Surging inflation could hurt Biden in lead up to U.S. midterm elections

2022-02-21 15:53:53Xinhua Editor : Li Yan ECNS App Download

Dan Wilson, 35, a mid-level company employee in the Washington D.C. area, said U.S. prices have skyrocketed in recent months.

A restaurant enthusiast, he and his wife are eating at home a lot more these days, with prices at their favorite eateries "way up," Wilson told Xinhua.

Indeed, many Americans have felt the sting of inflation in recent months, with consumer prices spiking by 7.5 percent in January from a year earlier, the fastest annual pace in 40 years.

With many Americans having difficulty making ends meet when food, housing and gasoline have risen substantially, the incumbent U.S. president could feel the pain in this year's congressional midterm elections.

"Inflation is a big challenge for the administration because it elevates the living costs of people across the country," Brookings Institution senior fellow Darrell West told Xinhua.

Today's inflation considerably exceeds the Federal Reserve's 2 percent inflation target, noted Desmond Lachman, resident fellow at the American Enterprise Institute and a former official at the International Monetary Fund.

Inflation is expected to force the Fed to slam on the monetary policy brakes soon, with a series of interest rate hikes beginning in March. However, that could happen at the cost of a hard economic landing and another recession, Lachman told Xinhua.

"This is especially the case given the risk that higher interest rates could be the trigger that bursts the equity and housing market bubbles," Lachman said.

Recessions are always bad news for any party that controls the White House, and if one occurs before November, Democrats could feel Americans' displeasure in the ballot box.

"High inflation is politically very unpopular since it affects all of the electorate, and it tends to reduce wages in inflation-adjusted terms," Lachman said, adding polls show that inflation is already causing American voters to give poor grades to U.S. President Joe Biden's handling of the U.S. economy.

"This is casting a dark cloud over Mr. Biden's chances in the upcoming November midterm elections, which could be further damaged if the U.S. indeed does have a hard economic landing," he said.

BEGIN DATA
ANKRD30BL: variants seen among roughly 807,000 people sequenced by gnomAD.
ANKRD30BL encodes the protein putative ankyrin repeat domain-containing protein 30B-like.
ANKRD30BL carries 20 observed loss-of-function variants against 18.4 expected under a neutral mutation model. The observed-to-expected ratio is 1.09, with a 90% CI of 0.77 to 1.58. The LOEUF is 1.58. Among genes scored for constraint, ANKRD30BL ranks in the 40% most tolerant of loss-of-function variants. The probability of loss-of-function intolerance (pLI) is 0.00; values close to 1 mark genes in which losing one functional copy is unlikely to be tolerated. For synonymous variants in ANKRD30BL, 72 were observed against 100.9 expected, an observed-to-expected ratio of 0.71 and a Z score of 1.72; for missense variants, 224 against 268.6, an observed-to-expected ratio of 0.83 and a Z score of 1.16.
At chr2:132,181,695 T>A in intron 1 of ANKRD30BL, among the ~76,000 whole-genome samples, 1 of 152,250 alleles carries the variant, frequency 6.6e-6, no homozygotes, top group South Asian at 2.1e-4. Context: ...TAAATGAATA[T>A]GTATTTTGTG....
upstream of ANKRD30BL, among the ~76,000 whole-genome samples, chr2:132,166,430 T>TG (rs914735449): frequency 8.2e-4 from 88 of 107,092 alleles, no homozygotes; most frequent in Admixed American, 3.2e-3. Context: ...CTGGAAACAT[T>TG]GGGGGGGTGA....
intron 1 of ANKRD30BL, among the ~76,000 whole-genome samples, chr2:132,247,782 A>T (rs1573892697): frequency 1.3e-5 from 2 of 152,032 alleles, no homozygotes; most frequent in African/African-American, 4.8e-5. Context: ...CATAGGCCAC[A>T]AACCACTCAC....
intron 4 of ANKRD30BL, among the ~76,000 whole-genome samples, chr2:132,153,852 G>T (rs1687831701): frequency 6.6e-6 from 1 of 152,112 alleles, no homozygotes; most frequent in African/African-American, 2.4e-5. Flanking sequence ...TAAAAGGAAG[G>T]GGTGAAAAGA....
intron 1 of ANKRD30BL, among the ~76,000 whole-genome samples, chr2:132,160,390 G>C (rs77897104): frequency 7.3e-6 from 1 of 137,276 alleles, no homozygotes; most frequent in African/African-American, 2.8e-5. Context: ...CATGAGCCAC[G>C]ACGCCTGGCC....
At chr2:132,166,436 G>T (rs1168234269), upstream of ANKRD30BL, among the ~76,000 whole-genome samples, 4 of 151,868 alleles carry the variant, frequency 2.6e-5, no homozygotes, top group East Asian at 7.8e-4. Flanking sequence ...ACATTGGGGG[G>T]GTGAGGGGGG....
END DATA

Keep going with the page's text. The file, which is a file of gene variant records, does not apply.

According to a recent poll from Quinnipiac University, about 54 percent of Americans believe the economy is worsening, and a mere 15 percent say it's improving. Thirty percent say the economy is the same, the poll found.

Joanna Wheeler, a woman in her 20s who works for a coffee shop in the D.C. area, told Xinhua she's noticed that grocery store prices are higher for some items, adding that inflation will influence how she votes in November.

Costs are up for food, used cars, trucks, and housing. Economists said that energy prices have also spiked and could rise further amid the Ukraine crisis.

Republicans have also slammed the Biden White House for its green energy policies that they say are further pushing up gas prices.

The White House has blamed pandemic disruptions such as supply chain bottlenecks for inflation.

However, Democrats contend that their stalled Build Back Better bill, the roughly 2-trillion-U.S. dollar spending package, would help cut inflation by slashing childcare, health care and housing costs.

Republicans call the claim nonsense, as the bill would require even more government spending, which Republican lawmakers blame for inflation in the first place.

"Moody's Analytics estimates the average U.S. household is spending an additional 276 dollars a month due to inflation," Mike Crapo, the top Republican on the Senate Finance Committee, said recently at a news conference.

"Congress should be working to address the harmful effects of inflation and taking steps to address our ballooning debt crisis and unsustainable mandatory spending," Crapo said.

According to local media, Biden plans to address the impact of inflation on the country during his State of the Union address on March 1.

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